By Asghar Ali Engineer
Secular Perspective October 16-31, 2012
Secularism is the most-discussed subject after, or even more than economic reforms in the country. Wherever I go I am asked to speak on future of secularism or challenges before secularism or prospects of secularism in the country. And I find this concern among secularists right from Kashmir to Kanya Kumari and Gujarat to Orissa. Thus one cannot and one should not, take challenges before secularism lightly as some political scientists would like us to believe.
It is true, as a JNU political scientist pointed out during discussion after I spoke on challenges to secularism in A.N.Sinha Institute, Patna, that in a country like India which is going through capitalist development under over all frame-work of parliamentary democracy, there are bound to be contradictory tendencies during transition period and at times secularism might seem to be supplanted by fundamentalism, but secularism is bound to triumph.
apitalism, according to him is concerned more with bazaar and sale of products than with any religious or ethnic group. This is true that bazaar is not concerned with Hindus or Muslims or Assamese and Bengalese but this would be so only if development goes without human ideological interventions. But, as we know well, this is not so. There is strong ideological intervention countering secularism almost from cradle to grave, from family to school to socio-political environment.
And this ideological intervention is on the increase for several reasons, political among them being the most important. We know how a political party with Hindutva ideology has grown from begging 4 percent votes in early fifties to 29 per cent votes in late nineties. It is true its growth has since been arrested but it is in political sense. However, its ideology has equal acceptability even today. This contradiction has to be explained.
Voting takes place on number of consideration – from caste to language to region to ideology and it is bound to shift from time to time from one party to another. However, it does not mean that the voter becomes more or less secular. Her or his secularity remains unaffected by ones voting pattern. Some secularists do vote on the basis of secularism but very few, mostly religious minorities and Dalits and tribals, all weaker sections of society and in their case too, it is their security and economic conditions which matter than secular ideology as such.
Thus the question arises what is secular ideology? In India, unlike in the west, its opposite is not religious ideology or opposite of ‘secular’ is not ‘religion’. Its opposite in India is communal i.e. majority community politically and economically dominating over minority community or communities or upper castes of majority community dominating over weaker castes like Dalits or denying them due share in political power or economic development.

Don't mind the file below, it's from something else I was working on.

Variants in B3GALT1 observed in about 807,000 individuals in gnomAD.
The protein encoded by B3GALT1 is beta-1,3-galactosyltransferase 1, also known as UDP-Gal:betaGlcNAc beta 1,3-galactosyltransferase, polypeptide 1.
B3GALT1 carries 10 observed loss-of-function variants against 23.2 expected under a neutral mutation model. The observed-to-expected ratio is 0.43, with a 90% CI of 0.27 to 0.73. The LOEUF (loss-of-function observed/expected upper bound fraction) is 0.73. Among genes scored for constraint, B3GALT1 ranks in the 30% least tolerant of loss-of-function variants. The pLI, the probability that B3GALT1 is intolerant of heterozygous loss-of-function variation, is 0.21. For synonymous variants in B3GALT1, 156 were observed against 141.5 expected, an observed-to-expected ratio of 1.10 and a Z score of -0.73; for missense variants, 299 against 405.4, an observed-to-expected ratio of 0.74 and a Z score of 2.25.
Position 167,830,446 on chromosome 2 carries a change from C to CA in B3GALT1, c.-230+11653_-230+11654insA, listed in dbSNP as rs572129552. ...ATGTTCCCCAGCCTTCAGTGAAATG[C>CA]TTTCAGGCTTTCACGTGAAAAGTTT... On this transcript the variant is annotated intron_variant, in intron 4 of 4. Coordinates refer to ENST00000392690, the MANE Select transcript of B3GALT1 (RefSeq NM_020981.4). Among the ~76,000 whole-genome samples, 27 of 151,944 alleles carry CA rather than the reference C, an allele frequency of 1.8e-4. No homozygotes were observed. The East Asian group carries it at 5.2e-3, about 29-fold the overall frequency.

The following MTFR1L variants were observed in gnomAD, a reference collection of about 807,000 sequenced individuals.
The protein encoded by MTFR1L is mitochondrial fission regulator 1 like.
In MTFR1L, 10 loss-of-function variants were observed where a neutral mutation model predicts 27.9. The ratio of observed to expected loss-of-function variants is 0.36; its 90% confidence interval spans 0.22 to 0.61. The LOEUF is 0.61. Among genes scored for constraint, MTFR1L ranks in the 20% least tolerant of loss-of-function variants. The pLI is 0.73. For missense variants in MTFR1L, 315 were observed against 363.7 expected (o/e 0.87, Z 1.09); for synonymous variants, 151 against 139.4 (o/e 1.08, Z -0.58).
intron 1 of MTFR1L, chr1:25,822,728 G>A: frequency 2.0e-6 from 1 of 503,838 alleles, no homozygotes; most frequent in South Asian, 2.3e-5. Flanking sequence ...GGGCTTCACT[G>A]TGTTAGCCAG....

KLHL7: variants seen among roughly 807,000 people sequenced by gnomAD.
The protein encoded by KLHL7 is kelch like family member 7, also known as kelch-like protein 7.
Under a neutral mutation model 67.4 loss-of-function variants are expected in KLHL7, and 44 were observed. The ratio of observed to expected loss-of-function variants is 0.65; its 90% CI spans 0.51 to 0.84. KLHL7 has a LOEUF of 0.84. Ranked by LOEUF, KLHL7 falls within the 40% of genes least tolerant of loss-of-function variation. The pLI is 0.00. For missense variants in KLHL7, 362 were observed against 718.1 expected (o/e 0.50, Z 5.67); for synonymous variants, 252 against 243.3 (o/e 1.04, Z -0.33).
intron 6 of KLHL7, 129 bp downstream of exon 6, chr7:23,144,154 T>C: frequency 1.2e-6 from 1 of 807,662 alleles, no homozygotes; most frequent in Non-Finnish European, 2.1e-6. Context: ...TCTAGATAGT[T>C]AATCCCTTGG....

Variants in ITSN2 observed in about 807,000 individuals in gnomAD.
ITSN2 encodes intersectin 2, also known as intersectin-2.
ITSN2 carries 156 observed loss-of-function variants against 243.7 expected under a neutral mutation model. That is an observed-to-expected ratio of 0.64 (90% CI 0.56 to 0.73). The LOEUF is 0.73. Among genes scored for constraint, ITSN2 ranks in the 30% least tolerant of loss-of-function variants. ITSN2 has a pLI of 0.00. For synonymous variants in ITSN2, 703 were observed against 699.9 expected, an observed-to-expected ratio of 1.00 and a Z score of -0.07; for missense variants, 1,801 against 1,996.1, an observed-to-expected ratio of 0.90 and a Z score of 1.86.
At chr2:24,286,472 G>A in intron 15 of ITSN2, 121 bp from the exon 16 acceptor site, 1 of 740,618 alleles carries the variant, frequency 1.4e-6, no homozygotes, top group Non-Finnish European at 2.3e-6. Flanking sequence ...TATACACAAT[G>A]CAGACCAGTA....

To achieve this objective of domination the upper castes of majority community uses violence and communal riots take place from time to time. This creates acute sense of insecurity in the minds of religious minorities and lower castes. Violence is used to make these sections of society ‘fall in line’. To perpetuate domination by majority community various myths are spread showing majority in favourable and minorities and low castes in bad light.
We must keep this in mind that these myths cannot acquire credibility unless certain socio-religious culture prevails in the country. This is achieved through educational and cultural institutions. For a stable secular ideology what we need is strong secular cultural Base. It is conspicuous by its absence. Even in Government institutions which are supposed to be secular one finds, and quite often, immersed in religious atmosphere. Not only that all religious festivals are celebrated with fervour and enthusiasm by Government employees but one even finds small temple in employees’ chambers or at least photographs of deities.
Of course one is free to follow ones religion and there cannot be any curb on it but its conspicuous display in Government institutions is, un- if not anti-secular. Also our education system instead of helping create secular culture helps in consolidating communal outlook, apart from anti-woman or gender discriminatory attitudes. It also helps perpetuate anti-dalit attitude. In Shishu Madirs run by RSS, this is done in much more conspicuous manner and from these schools run by RSS hundreds of thousands of children come out every year.